son's cruise touch at such places as may be practicable on the mainland or islands where there are settlements of natives, and examine into and report upon their condition.
A letter written to his mother from Dutch Harbor, Unalaska, gives Muir's own account of his purpose in joining the expedition.
I wrote you from San Francisco [he says] that I had suddenly made up my mind to avail myself of the opportunity offered to visit the Arctic region on the steamer Thomas Corwin sent to seek the Jeannette and the missing whalers that were lost in the ice two years ago off Point Barrow. . . .
I have been interested for a long time in the glaciation of the Pacific Coast, and I felt that I must make a trip of this sort to the Far North some time, and no better chance could in any probability offer. I am acquainted with our captain, and have every comfort the ship can afford, and every facility to pursue my studies.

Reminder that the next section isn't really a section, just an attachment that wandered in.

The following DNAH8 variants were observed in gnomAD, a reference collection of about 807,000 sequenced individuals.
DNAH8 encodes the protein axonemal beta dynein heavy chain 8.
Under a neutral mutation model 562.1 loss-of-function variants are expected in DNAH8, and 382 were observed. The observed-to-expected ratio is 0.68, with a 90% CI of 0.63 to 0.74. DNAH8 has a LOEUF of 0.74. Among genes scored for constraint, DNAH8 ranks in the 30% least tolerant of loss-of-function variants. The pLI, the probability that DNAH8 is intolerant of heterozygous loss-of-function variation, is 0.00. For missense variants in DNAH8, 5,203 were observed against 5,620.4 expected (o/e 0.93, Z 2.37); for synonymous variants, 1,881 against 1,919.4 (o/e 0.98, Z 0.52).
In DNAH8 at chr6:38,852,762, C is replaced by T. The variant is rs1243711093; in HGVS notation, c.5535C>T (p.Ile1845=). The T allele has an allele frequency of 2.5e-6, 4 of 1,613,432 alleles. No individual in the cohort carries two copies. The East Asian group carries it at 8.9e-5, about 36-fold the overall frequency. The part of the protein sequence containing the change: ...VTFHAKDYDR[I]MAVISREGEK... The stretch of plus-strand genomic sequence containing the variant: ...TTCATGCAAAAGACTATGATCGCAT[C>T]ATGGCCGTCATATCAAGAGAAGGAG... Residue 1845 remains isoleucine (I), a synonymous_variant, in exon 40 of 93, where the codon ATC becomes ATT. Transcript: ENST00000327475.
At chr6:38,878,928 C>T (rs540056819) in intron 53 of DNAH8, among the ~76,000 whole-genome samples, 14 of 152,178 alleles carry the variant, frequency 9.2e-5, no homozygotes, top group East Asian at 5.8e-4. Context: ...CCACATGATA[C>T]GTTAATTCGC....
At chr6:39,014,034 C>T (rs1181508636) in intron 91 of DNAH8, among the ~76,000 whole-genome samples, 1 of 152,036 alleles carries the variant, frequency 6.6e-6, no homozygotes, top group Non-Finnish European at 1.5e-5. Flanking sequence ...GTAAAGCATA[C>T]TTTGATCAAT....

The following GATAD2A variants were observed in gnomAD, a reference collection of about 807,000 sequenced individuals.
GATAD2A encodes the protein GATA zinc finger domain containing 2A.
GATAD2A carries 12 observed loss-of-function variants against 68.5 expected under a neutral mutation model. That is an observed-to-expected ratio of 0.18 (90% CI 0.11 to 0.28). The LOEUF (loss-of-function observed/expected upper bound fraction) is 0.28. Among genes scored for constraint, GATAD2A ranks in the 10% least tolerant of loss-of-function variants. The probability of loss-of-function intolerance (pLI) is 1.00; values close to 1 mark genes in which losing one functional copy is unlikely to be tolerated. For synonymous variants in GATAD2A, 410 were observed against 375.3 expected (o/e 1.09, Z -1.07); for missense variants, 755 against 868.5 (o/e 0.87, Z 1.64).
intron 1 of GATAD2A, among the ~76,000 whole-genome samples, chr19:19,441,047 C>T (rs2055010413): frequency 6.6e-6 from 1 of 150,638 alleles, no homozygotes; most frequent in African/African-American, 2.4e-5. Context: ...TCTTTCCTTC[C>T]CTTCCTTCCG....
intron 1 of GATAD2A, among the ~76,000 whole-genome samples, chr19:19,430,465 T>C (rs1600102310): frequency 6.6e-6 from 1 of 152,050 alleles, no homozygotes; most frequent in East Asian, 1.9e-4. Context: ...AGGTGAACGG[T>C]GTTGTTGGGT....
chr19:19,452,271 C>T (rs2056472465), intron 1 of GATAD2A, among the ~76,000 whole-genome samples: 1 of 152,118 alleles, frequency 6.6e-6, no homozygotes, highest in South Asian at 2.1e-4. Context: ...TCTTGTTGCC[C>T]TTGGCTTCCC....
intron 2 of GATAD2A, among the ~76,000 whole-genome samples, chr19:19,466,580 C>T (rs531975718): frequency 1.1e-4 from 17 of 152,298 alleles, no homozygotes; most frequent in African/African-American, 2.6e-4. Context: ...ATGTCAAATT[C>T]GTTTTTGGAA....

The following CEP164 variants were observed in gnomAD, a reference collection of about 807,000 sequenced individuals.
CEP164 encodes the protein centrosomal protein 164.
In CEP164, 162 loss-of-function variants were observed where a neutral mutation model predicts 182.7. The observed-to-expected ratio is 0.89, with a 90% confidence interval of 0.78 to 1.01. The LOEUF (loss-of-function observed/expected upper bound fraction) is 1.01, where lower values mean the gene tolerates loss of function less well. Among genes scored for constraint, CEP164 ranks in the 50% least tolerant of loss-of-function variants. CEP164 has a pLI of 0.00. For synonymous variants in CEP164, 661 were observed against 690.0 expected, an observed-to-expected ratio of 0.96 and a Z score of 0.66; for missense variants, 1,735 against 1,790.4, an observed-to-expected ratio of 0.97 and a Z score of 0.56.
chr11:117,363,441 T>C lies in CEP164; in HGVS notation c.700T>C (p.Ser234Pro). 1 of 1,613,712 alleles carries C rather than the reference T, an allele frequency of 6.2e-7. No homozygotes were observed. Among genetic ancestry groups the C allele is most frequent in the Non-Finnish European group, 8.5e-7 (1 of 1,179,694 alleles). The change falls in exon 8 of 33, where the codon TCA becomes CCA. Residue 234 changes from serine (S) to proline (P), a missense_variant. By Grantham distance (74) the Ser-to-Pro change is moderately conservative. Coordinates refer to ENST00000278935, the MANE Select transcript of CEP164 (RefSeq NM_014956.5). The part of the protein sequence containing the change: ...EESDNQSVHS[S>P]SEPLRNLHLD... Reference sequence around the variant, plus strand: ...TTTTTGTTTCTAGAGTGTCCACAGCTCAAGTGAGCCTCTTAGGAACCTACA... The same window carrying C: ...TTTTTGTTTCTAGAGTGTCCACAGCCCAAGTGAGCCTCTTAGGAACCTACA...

We mean to proceed from here past the seal islands St. Paul and St. George, then northward along the Siberian coast to about Cape Serdze, where a sledge party with dogs will be sent out to search the North Siberian coast, while the steamer the meanwhile will cross to the American shore and call at St. Michael, Kotzebue Sound, and other places, [where we shall have the opportunity of] making short journeys inland. Then, as the ice melts and breaks up, we will probably push eastward around Point Barrow, then return to the Siberian side to pick up our land party, then en-